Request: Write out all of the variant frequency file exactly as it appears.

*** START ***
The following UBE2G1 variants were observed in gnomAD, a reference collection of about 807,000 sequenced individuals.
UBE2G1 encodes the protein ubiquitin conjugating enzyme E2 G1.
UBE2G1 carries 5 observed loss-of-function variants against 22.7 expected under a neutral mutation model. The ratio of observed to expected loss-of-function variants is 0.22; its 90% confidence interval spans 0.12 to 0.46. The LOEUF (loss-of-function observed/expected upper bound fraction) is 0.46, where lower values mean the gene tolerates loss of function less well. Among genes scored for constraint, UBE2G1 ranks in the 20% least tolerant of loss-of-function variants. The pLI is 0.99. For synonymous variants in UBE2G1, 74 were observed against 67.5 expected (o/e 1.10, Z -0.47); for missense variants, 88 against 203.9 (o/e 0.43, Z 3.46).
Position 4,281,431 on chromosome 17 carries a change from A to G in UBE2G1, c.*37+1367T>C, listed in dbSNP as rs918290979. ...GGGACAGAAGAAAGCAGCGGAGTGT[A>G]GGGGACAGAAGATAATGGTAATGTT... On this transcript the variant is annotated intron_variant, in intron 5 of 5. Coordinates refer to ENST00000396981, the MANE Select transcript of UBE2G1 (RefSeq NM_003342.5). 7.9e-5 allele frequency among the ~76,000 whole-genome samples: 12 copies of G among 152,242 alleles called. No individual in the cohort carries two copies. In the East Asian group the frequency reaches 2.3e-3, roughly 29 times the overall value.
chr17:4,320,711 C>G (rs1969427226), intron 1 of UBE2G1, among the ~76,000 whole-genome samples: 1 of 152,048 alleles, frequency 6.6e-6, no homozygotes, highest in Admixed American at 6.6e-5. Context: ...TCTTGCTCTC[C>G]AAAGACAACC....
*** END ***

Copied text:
The following UBE2G1 variants were observed in gnomAD, a reference collection of about 807,000 sequenced individuals.
UBE2G1 encodes the protein ubiquitin conjugating enzyme E2 G1.
UBE2G1 carries 5 observed loss-of-function variants against 22.7 expected under a neutral mutation model. The ratio of observed to expected loss-of-function variants is 0.22; its 90% confidence interval spans 0.12 to 0.46. The LOEUF (loss-of-function observed/expected upper bound fraction) is 0.46, where lower values mean the gene tolerates loss of function less well. Among genes scored for constraint, UBE2G1 ranks in the 20% least tolerant of loss-of-function variants. The pLI is 0.99. For synonymous variants in UBE2G1, 74 were observed against 67.5 expected (o/e 1.10, Z -0.47); for missense variants, 88 against 203.9 (o/e 0.43, Z 3.46).
Position 4,281,431 on chromosome 17 carries a change from A to G in UBE2G1, c.*37+1367T>C, listed in dbSNP as rs918290979. ...GGGACAGAAGAAAGCAGCGGAGTGT[A>G]GGGGACAGAAGATAATGGTAATGTT... On this transcript the variant is annotated intron_variant, in intron 5 of 5. Coordinates refer to ENST00000396981, the MANE Select transcript of UBE2G1 (RefSeq NM_003342.5). 7.9e-5 allele frequency among the ~76,000 whole-genome samples: 12 copies of G among 152,242 alleles called. No individual in the cohort carries two copies. In the East Asian group the frequency reaches 2.3e-3, roughly 29 times the overall value.
chr17:4,320,711 C>G (rs1969427226), intron 1 of UBE2G1, among the ~76,000 whole-genome samples: 1 of 152,048 alleles, frequency 6.6e-6, no homozygotes, highest in Admixed American at 6.6e-5. Context: ...TCTTGCTCTC[C>G]AAAGACAACC....